“We all know the challenges we’ve had concerning this revolving door or rearrest problem. Today, I’m grateful for our Supreme Court because they have made a very common sense but specific change. … It’s an elegant, simple, legal solution and it’s something that we’re very, very much appreciative to.”.”

APD  Chief Harold Medina said this about the rule change: .

“It does assist us with our revolving door. … And honestly, it assists our judicial officials in making sure that they’re well in tune, and they get to weigh in on decisions they’ve made in the past.”


Pretrial detention and pretrial release have been a major source of contention since  the passage of a 2016 constitutional amendment passed by voters that  did away with a “money-based”  bail bond system for getting out of jail while awaiting trial. Since passage of the constitutional amendment,  elected officials and candidates running for office and  law enforcement have attributed rising crime rates to a “broken criminal justice system”  and  to the bail bond reform changes.

Attorney General Raúl Torrez, the former Bernalillo County district attorney, has been one of the most outspoken critics.  Since being elected first as District Attorney Torrez has repeatedly said our criminal justice system is broken and has called for New Mexico courts to mirror those at the federal level, which uses  rebuttable presumption where Defendants charged with a serious violent crime must prove they are not a danger to the public and can be released. It shifts the burden of proof from the prosecution to the defense.

A bill adopting rebuttable presumption in the state’s judicial system has failed to pass the New Mexico Legislature during the past 4 legislative sessions. This past session, Gov. Michelle Lujan Grisham pushed for the bill and, after it and other crime bills failed, she announced a special session, which is now scheduled for July.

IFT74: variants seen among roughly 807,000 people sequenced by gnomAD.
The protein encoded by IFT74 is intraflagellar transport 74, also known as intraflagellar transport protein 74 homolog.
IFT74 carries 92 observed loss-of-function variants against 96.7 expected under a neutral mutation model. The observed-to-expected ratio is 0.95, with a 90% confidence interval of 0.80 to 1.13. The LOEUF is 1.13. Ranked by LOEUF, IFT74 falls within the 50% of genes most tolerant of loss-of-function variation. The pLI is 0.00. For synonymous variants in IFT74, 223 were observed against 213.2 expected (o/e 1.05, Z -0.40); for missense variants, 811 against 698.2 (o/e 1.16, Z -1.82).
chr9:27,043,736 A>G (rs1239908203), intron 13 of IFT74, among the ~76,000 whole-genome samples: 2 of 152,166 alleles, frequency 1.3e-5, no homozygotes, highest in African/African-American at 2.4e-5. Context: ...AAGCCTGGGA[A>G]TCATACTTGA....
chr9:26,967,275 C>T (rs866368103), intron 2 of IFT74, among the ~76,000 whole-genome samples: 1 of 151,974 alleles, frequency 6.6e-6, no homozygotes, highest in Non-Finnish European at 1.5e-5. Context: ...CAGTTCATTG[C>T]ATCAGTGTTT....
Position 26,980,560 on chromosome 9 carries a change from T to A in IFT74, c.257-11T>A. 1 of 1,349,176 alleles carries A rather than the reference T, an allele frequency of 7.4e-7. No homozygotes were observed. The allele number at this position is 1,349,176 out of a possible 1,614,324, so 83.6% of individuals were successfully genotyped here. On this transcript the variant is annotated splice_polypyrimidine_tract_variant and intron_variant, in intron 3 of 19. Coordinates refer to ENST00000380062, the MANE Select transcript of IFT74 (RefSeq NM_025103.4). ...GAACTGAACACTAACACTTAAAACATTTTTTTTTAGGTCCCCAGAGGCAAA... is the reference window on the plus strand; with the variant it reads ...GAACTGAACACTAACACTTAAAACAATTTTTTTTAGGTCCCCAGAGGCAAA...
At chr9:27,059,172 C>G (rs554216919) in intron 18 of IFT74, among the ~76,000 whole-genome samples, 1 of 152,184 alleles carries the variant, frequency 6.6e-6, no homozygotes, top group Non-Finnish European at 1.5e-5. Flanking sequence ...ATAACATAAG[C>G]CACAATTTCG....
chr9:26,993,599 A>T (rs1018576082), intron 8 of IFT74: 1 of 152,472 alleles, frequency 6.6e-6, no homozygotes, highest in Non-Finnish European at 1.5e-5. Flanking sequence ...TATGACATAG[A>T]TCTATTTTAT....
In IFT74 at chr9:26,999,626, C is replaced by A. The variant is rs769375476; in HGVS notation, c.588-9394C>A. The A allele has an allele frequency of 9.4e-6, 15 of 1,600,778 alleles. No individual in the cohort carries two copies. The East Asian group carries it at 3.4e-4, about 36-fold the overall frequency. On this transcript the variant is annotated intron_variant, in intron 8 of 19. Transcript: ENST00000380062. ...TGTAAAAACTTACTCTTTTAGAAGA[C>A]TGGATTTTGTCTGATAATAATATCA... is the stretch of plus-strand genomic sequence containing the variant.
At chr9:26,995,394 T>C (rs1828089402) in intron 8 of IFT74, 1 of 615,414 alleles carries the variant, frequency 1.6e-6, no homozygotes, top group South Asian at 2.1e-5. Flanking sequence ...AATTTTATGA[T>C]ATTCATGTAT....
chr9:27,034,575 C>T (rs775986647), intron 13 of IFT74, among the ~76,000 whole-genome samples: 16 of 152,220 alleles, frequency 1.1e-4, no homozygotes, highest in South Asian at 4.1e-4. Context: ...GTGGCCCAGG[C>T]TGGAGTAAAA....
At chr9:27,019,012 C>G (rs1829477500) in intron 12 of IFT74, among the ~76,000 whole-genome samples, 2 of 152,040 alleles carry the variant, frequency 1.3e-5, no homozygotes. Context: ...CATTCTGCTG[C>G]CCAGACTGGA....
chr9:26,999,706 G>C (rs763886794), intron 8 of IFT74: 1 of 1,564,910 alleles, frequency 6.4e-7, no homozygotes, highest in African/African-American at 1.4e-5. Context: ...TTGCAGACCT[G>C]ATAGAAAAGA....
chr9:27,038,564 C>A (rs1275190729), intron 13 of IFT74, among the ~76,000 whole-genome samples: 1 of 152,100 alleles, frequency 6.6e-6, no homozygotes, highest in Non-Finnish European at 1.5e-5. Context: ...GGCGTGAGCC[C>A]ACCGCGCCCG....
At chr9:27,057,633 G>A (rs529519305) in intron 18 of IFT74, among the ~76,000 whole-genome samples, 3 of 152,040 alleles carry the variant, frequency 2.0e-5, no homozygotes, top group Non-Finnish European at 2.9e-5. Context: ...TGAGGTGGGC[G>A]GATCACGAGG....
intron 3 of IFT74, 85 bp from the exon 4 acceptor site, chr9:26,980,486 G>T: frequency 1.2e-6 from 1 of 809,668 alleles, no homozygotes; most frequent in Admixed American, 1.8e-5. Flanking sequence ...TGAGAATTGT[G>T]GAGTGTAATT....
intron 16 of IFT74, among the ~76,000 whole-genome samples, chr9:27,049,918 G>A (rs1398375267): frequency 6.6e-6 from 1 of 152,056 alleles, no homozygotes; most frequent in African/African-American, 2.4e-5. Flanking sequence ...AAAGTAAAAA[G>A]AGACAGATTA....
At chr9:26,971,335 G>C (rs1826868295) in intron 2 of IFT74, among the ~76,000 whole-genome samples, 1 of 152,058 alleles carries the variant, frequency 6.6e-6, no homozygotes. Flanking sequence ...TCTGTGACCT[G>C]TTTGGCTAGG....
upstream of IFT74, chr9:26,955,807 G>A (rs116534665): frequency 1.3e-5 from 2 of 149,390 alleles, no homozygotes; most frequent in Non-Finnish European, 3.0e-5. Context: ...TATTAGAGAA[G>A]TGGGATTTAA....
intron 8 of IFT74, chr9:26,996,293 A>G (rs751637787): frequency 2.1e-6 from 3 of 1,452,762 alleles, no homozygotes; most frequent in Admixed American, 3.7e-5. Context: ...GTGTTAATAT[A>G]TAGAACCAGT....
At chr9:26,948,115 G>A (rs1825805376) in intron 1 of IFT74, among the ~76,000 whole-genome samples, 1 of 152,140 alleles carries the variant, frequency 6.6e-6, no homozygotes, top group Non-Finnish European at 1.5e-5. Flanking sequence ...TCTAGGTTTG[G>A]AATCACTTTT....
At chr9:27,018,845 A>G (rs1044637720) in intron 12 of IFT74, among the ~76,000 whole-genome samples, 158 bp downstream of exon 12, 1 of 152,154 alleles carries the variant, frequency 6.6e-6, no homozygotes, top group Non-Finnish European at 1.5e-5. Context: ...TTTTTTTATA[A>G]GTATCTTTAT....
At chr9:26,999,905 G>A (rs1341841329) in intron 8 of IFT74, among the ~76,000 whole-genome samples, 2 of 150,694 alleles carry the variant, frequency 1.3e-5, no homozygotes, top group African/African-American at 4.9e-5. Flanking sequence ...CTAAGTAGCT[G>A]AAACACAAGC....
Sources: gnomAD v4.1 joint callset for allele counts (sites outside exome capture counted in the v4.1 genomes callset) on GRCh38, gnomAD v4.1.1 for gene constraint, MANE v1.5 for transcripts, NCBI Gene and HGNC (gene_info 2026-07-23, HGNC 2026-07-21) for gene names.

Studies conducted by researchers at the University of New Mexico have found that the majority, or 82%, of people on pretrial release do not commit new crimes. No studies have been released publicly that have found otherwise.

Supporters and advocates of rebuttable presumption argue that it prevents  a large amount of crime with minimal impact on civil liberties. However, a 2021 study by UNM researcher Paul Guerin and others at UNM’s Institute for Social Research found that rebuttable presumption requires judges to “regard large classes of defendants as dangerous by default, rather than demanding that prosecutors prove this individually.”

Researchers found that rebuttable presumption and pretrial detentions do not reduce crime  because a small fraction of crime is committed by pretrial defendants  and because presumptions detain many defendants for each crime they prevent.  The researchers emphasized that the findings should not be taken “as an endorsement” of the current system, but in data comparison found that presumptions “would not add accuracy to the system.” “That does not mean that the system could not be reformed in other ways,” according to the findings.

Links to quoted and relied upon news sources are here:


It was almost a year ago on May 22, 2023 that the New Mexico Supreme Court issued a unanimous opinion providing guidance to district courts in deciding pretrial detention requests from prosecutors. The justices clarified the analysis that courts should follow in determining whether legal requirements have been met for a person charged with a felony to be held in jail while awaiting trial.

Under state law, a felony defendant may be detained if prosecutors file a written motion and prove to a district court that the charged person is dangerous and that “no release conditions will reasonably protect the safety of any other person or the community.”  The New Mexico  Supreme Court’s opinion provided  the legal reasoning for the  order issued by the justices in February that reversed a  District Court Judge decision denying  of a Motion for Pretrial Detention of Defendant. The justices held that the district court abused its discretion in denying the prosecution’s detention request and that the District Court followed the wrong analytical framework in making its determination.

Justice Briana H. Zamora wrote on behalf of the Supreme Court as follows:

“In this case, ample evidence showed that the Defendant [Anderson] was unlikely to comply with release conditions and that the public would be put at significant risk should he fail to comply with release conditions.  …

District courts must undertake a two-prong analysis in pretrial detention decision-making: The first is determining whether the defendant is dangerous, and the second prong is whether the state has proven there are no conditions or restrictions that can be imposed on a defendant – if released – to reasonably protect the public.